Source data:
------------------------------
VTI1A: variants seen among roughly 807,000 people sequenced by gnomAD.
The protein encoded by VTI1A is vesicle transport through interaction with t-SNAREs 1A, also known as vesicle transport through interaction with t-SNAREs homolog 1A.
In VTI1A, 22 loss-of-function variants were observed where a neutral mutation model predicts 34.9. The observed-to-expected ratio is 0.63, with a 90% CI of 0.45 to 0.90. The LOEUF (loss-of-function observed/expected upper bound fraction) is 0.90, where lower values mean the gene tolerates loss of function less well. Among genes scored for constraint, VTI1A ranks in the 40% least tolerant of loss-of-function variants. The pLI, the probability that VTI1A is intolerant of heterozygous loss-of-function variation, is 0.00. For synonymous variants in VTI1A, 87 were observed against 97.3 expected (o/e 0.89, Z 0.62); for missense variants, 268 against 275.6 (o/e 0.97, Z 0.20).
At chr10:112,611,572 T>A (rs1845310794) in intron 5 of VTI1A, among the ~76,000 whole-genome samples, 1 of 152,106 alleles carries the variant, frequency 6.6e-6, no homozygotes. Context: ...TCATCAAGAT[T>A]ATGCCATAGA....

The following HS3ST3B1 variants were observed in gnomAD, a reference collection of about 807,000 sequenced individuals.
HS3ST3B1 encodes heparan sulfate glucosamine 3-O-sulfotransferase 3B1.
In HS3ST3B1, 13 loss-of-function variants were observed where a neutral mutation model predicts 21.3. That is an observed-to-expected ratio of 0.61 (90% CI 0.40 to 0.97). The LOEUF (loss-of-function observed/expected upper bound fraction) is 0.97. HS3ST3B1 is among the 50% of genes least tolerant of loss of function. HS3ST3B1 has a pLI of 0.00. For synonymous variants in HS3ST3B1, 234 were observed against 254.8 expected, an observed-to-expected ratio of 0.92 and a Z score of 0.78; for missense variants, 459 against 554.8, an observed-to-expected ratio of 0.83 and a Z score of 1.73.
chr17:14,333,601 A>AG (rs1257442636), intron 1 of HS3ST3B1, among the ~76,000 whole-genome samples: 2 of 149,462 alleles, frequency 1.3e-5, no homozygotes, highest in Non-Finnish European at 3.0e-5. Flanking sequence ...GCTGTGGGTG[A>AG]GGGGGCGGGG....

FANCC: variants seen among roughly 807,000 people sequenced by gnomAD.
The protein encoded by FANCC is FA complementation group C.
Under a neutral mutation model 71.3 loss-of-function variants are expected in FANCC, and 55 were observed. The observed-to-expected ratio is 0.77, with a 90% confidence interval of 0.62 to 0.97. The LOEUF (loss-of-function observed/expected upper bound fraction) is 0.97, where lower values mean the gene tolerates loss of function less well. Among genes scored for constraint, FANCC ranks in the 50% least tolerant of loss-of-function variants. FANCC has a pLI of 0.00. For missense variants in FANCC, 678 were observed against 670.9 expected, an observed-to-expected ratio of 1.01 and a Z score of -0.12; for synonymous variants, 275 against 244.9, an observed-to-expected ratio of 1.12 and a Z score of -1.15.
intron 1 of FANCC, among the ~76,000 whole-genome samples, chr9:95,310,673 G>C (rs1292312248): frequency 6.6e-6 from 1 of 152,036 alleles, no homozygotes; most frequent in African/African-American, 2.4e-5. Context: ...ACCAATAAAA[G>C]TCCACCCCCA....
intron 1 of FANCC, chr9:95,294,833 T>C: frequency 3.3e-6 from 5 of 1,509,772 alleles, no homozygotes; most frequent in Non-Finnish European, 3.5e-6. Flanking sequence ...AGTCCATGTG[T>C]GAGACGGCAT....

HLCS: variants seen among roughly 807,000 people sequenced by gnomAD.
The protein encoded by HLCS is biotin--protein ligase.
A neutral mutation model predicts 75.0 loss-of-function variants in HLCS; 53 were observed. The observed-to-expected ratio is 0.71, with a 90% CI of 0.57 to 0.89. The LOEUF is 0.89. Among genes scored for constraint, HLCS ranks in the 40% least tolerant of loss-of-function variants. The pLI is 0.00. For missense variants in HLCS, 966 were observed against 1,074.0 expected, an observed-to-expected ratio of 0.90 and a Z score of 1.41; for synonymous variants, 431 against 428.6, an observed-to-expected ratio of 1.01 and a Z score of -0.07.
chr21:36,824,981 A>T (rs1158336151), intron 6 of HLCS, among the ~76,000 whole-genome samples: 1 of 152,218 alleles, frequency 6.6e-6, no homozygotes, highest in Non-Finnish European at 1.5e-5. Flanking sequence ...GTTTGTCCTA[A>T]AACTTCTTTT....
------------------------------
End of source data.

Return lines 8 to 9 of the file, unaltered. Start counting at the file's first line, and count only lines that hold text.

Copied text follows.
chr17:14,333,601 A>AG (rs1257442636), intron 1 of HS3ST3B1, among the ~76,000 whole-genome samples: 2 of 149,462 alleles, frequency 1.3e-5, no homozygotes, highest in Non-Finnish European at 3.0e-5. Flanking sequence ...GCTGTGGGTG[A>AG]GGGGGCGGGG....

FANCC: variants seen among roughly 807,000 people sequenced by gnomAD.